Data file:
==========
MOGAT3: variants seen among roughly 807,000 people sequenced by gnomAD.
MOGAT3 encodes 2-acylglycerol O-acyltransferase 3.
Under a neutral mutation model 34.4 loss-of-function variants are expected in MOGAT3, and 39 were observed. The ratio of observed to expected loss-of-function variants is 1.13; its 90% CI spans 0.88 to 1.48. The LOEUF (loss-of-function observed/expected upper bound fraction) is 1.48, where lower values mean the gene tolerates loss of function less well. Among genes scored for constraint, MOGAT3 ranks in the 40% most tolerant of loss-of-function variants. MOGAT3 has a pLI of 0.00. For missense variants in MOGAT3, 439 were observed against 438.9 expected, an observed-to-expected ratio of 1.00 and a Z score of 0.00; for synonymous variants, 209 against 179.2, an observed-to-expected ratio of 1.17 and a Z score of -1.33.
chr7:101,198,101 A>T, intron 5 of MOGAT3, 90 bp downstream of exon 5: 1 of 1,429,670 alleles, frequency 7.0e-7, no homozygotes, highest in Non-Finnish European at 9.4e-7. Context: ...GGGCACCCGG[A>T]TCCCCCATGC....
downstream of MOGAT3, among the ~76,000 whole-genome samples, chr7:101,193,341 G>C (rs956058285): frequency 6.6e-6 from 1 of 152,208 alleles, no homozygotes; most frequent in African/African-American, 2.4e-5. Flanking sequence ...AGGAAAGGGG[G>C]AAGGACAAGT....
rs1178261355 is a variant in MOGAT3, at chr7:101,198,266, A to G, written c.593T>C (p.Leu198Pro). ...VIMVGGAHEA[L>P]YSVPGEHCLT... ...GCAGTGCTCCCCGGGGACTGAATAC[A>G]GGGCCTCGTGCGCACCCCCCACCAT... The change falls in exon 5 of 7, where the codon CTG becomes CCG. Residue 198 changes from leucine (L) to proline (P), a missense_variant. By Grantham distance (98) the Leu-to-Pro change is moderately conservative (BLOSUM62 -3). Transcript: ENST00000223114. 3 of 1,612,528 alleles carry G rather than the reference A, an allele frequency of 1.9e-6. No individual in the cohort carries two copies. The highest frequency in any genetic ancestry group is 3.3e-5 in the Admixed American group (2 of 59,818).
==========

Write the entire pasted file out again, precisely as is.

MOGAT3: variants seen among roughly 807,000 people sequenced by gnomAD.
MOGAT3 encodes 2-acylglycerol O-acyltransferase 3.
Under a neutral mutation model 34.4 loss-of-function variants are expected in MOGAT3, and 39 were observed. The ratio of observed to expected loss-of-function variants is 1.13; its 90% CI spans 0.88 to 1.48. The LOEUF (loss-of-function observed/expected upper bound fraction) is 1.48, where lower values mean the gene tolerates loss of function less well. Among genes scored for constraint, MOGAT3 ranks in the 40% most tolerant of loss-of-function variants. MOGAT3 has a pLI of 0.00. For missense variants in MOGAT3, 439 were observed against 438.9 expected, an observed-to-expected ratio of 1.00 and a Z score of 0.00; for synonymous variants, 209 against 179.2, an observed-to-expected ratio of 1.17 and a Z score of -1.33.
chr7:101,198,101 A>T, intron 5 of MOGAT3, 90 bp downstream of exon 5: 1 of 1,429,670 alleles, frequency 7.0e-7, no homozygotes, highest in Non-Finnish European at 9.4e-7. Context: ...GGGCACCCGG[A>T]TCCCCCATGC....
downstream of MOGAT3, among the ~76,000 whole-genome samples, chr7:101,193,341 G>C (rs956058285): frequency 6.6e-6 from 1 of 152,208 alleles, no homozygotes; most frequent in African/African-American, 2.4e-5. Flanking sequence ...AGGAAAGGGG[G>C]AAGGACAAGT....
rs1178261355 is a variant in MOGAT3, at chr7:101,198,266, A to G, written c.593T>C (p.Leu198Pro). ...VIMVGGAHEA[L>P]YSVPGEHCLT... ...GCAGTGCTCCCCGGGGACTGAATAC[A>G]GGGCCTCGTGCGCACCCCCCACCAT... The change falls in exon 5 of 7, where the codon CTG becomes CCG. Residue 198 changes from leucine (L) to proline (P), a missense_variant. By Grantham distance (98) the Leu-to-Pro change is moderately conservative (BLOSUM62 -3). Transcript: ENST00000223114. 3 of 1,612,528 alleles carry G rather than the reference A, an allele frequency of 1.9e-6. No individual in the cohort carries two copies. The highest frequency in any genetic ancestry group is 3.3e-5 in the Admixed American group (2 of 59,818).